True Bug Gallery
show/hide words to know
- Hemiptera: group (order) of insects also known as the true bugs.
- Nymph: young stage of insects that undergo a partial metamorphosis; similar to the adult except that wings are not fully developed.
True Bug Gallery
The world of true bugs includes a large varitey of amazing insects. Some of them are large and others are so tiny you can hardly see them.
Shield Bug, Acanthasoma hamorrhoidale (left) brightly colored to warn predators of their bad defensive smells; females care for their young nymphs. Leaf-footed Bug, Coreus marginatus (right) suck plant juices and give off a horrible smell if handled. Photo credits: Velela and Richard Bartz
Aphids (right and left). So tiny that they can be blown on the wind for 100s of miles. They suck sugary juices from plants and are often defended by ants that milk them of their sweet liquids. Young aphids are born alive and in some seasons are all females produced without mating with a male. Photo credits: Sanjay Acharya and Michel Vuijlsteke
Cicadas (left) are large and suck plant juices, often from tree roots. The adults sing ear-splitting trills and ringing calls that are most often heard on warm afternoons and evenings. Leafhopper (right) are small bugs, some of which cause great damage to potatoes, apples, beans and clover by introducing disease when they suck the plant juices. Photo credit: Dany Pierard-Deviche and L. Shyamal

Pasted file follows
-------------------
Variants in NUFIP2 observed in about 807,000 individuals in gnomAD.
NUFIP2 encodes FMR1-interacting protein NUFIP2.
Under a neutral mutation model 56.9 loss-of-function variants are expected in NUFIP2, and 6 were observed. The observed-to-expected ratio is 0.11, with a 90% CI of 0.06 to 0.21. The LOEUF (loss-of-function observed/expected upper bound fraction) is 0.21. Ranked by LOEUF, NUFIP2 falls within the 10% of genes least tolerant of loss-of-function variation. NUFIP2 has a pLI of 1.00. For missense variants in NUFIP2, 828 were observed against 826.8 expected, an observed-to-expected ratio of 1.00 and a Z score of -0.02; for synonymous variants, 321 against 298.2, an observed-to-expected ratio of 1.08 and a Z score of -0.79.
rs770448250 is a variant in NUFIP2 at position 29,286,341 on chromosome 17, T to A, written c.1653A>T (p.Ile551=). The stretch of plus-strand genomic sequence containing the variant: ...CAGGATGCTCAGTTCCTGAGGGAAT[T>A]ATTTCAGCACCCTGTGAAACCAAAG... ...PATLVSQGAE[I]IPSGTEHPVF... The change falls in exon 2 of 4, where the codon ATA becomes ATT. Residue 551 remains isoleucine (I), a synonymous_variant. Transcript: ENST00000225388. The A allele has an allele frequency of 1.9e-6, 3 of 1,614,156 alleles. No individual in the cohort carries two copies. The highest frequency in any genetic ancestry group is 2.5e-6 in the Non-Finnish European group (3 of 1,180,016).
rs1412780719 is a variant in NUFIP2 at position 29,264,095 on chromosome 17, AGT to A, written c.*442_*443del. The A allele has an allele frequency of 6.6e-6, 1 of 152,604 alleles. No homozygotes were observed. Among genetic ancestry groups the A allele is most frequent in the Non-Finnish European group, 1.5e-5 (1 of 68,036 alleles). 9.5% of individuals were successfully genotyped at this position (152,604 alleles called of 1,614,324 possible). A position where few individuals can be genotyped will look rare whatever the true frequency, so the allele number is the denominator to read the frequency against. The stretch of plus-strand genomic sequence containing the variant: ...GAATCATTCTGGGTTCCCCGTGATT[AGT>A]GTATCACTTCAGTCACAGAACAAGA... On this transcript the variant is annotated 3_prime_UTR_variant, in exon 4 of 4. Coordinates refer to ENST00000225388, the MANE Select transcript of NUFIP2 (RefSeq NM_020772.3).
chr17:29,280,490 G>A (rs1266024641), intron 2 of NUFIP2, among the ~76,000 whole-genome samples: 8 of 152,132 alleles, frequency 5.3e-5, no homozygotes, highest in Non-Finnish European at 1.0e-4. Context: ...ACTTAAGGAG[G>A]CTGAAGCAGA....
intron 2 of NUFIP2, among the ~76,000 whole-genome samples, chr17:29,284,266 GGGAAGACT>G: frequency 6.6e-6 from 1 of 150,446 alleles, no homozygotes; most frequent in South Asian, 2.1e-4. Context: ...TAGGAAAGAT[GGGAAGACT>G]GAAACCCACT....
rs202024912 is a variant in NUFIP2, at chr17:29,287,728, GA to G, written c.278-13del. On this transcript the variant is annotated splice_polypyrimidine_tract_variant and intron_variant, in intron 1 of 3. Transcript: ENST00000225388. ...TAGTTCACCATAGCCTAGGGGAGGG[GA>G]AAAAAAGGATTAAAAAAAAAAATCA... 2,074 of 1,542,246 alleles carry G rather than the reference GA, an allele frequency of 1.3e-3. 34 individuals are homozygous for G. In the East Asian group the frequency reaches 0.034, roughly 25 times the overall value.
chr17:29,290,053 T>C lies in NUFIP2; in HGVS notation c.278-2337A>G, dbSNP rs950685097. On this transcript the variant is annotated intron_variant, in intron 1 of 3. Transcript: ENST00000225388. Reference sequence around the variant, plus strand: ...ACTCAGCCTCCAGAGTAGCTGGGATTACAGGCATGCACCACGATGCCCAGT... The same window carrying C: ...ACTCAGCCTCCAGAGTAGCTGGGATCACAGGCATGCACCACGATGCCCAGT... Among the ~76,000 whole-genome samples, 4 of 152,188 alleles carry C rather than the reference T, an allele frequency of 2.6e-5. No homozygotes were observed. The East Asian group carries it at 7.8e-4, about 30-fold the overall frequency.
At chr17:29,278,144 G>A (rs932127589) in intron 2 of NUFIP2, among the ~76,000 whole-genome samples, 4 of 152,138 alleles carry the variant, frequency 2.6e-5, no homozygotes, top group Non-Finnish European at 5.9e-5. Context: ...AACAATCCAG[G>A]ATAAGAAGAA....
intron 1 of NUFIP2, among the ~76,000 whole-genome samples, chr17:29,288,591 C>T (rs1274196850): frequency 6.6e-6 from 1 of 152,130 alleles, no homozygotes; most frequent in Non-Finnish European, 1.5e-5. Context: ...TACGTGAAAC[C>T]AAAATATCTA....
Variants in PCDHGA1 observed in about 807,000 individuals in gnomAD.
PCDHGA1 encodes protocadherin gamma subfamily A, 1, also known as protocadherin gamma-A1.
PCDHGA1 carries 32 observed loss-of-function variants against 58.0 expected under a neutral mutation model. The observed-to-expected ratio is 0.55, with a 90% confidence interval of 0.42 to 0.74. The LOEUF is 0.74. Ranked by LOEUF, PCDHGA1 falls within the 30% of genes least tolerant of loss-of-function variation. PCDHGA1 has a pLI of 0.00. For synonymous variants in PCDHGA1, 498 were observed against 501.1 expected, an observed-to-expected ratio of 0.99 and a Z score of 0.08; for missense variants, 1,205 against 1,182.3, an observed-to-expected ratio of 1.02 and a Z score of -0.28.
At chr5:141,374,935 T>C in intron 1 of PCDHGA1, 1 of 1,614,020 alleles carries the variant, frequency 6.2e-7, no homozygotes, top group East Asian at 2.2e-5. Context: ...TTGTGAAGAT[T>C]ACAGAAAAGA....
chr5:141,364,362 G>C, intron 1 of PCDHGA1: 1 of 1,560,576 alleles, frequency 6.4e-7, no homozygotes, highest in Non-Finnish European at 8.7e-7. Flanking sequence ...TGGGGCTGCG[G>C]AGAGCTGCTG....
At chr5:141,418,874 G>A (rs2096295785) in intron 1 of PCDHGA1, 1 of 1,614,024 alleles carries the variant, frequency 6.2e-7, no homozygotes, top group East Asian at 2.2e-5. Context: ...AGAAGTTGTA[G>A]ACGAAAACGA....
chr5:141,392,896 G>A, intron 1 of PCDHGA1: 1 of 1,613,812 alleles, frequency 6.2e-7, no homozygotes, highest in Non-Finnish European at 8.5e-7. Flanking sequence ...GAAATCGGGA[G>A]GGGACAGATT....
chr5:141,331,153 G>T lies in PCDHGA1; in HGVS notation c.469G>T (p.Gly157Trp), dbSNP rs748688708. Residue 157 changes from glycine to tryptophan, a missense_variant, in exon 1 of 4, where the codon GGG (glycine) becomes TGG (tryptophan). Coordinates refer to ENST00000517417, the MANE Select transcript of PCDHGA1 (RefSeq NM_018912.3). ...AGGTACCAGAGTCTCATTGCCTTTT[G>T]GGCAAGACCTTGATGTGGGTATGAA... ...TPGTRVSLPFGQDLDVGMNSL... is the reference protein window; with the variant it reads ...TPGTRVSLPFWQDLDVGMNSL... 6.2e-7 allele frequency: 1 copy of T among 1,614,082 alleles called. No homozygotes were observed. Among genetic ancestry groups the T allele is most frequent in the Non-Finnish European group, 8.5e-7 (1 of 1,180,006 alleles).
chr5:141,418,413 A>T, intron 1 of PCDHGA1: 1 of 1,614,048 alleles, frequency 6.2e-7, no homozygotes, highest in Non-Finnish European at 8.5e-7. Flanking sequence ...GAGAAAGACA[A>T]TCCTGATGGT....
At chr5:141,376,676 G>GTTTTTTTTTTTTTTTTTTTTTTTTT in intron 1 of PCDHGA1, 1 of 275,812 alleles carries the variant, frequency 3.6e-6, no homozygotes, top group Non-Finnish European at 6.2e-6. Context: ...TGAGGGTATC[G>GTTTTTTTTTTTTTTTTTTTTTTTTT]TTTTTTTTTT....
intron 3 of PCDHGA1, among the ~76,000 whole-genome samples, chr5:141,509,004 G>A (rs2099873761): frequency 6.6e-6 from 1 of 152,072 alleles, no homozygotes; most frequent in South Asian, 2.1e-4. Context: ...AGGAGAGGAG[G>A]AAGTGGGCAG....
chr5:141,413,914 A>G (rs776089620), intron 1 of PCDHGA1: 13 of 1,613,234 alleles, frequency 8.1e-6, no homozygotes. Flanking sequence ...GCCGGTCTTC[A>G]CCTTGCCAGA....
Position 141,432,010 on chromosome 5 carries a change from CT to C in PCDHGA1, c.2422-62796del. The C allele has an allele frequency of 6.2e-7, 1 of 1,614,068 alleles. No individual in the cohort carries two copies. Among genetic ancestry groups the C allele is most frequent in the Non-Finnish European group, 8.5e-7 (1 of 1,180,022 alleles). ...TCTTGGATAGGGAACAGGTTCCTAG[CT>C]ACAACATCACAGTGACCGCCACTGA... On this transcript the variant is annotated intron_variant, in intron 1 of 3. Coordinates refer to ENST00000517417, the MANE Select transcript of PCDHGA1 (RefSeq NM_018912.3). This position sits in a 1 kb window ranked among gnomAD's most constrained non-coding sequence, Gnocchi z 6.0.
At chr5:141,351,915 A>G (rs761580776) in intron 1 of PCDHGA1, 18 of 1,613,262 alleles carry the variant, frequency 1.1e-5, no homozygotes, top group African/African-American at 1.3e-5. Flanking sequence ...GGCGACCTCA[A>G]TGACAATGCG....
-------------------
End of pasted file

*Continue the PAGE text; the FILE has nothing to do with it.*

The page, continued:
Lethocerus americanus water bug (left) lives in water and is large (up to 4 inches long); it eats other insects, salamanders and small fish in streams and ponds. Its bite can be painful. Notonecta glauca, Backswimmer (right) swims upsidedown, as if it was in a backstrock swimming competion. Photo credits: The High Fin Sperm Whale and Holger Gröschl
Cimex lectularius bed bug (left) is a flightless species that hides in mattresses and cracks in the wall to sneak out at night to painlessly suck blood from sleeping people. Milkweed bug (right) is one of the few insects that can tolerate the extremely poison sap of the milkweed plant. It uses this poison in its body to protect itself from birds and other predators, and its bright color advertises a warning. Photo credits: CDC and Jose Luis Cernadas Iglesias
Unidentified true bugs. Making a meal of a plant (left) and showing how small some of these insects can be (right). Photo credits: Tobias Mercer and Heiko Wagner
Images from Wikimedia Commons and Dany Pierard-Deviche.